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Bleach and Alcohol Make Chloroform

Why You Shouldn't Mix Bleach and Alcohol

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Chloroform is also known as trichloromethane (TCM) and methyl trichloride.

This is the chemical structure of chloroform, a chemical produced by reacting a chlorinated compound with any of a number of organic molecules.

Ben Mills
Mixing bleach and alcohol is a bad idea because the chemicals react to make chloroform. Here's a look at what happens and the risks associated with mixing these chemicals.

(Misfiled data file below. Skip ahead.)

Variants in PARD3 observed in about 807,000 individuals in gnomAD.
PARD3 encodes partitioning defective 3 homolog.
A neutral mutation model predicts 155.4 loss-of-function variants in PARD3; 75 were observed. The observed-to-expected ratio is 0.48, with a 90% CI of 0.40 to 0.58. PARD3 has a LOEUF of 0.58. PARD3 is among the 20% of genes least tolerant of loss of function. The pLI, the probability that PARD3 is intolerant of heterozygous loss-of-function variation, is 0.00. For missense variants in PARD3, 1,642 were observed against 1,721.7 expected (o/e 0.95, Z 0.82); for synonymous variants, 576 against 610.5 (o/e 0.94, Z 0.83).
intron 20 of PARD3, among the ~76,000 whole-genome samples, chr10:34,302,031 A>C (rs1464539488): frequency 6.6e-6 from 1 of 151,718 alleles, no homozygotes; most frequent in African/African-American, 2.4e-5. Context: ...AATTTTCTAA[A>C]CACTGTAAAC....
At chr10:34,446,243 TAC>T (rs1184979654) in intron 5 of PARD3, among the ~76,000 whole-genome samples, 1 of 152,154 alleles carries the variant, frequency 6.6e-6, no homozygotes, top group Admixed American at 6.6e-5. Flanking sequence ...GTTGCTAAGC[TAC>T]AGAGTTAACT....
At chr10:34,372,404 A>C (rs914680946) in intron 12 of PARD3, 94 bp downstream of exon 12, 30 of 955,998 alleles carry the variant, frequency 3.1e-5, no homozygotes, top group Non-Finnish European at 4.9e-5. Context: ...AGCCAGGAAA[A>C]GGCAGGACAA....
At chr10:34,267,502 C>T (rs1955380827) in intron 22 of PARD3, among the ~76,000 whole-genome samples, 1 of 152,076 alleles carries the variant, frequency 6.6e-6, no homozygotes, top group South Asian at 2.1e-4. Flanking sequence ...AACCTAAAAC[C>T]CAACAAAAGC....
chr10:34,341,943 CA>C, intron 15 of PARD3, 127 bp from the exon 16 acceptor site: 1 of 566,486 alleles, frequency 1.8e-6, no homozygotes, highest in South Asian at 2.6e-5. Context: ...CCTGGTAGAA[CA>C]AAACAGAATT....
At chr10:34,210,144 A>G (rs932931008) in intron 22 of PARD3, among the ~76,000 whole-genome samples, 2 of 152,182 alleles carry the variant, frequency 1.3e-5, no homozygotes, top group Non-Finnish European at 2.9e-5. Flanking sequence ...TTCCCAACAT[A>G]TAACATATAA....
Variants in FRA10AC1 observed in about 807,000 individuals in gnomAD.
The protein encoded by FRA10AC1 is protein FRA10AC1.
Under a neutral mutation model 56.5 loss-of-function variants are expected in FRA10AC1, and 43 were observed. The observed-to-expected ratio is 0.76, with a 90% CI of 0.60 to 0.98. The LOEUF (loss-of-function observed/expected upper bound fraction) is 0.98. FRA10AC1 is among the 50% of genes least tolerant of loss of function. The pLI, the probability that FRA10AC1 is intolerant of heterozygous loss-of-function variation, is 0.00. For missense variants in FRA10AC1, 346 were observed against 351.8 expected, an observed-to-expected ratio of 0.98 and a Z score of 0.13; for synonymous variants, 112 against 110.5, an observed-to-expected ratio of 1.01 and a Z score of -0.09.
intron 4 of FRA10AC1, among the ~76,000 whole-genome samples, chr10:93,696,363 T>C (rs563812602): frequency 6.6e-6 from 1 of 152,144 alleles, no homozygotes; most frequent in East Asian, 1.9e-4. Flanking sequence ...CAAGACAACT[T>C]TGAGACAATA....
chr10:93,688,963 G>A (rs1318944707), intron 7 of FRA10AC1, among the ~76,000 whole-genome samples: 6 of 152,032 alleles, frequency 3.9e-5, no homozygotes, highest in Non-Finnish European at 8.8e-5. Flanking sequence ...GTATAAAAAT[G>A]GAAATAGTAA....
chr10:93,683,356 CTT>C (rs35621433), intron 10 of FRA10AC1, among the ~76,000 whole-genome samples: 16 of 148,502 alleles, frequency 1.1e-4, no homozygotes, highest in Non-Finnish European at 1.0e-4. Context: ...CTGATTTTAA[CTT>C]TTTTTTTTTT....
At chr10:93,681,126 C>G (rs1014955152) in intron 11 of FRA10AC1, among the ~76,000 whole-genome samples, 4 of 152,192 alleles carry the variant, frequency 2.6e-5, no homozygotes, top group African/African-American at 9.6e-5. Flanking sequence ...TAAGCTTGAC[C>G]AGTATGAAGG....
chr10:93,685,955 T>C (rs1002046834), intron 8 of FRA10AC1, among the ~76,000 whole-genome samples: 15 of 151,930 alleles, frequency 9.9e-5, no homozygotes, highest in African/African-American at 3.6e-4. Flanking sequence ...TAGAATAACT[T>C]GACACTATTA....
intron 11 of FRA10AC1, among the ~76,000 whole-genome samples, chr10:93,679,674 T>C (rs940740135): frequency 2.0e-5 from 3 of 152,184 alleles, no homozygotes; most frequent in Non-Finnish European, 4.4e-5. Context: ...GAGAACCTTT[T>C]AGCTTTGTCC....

The Chemical Reaction

Ordinary household bleach contains sodium hypochlorite, which reacts with ethanol or isopropyl alcohol to produce chloroform, hydrochloric acid, and other compounds, such as chloroacetone or dichloroacetone.

Unintentionally mixing of these chemicals could occur from trying to clean up a spill using bleach or from mixing cleaners together. Bleach is highly reactive and forms dangerous compounds when mixed with any of a number of chemicals, so it's best to avoid mixing it with any other product.

Danger of Chloroform

Chloroform is a dangerous chemical that irritates the eyes, respiratory system, and skin. It can damage the nervous system, eyes, lungs, skin, liver, kidneys, and other organs and may cause cancer. If you suspect exposure to chloroform, remove yourself from the area and seek medical attention.

Learn More

Mixing Bleach and Ammonia
Mixing Bleach and Vinegar
Choroform Material Safety Data Sheet

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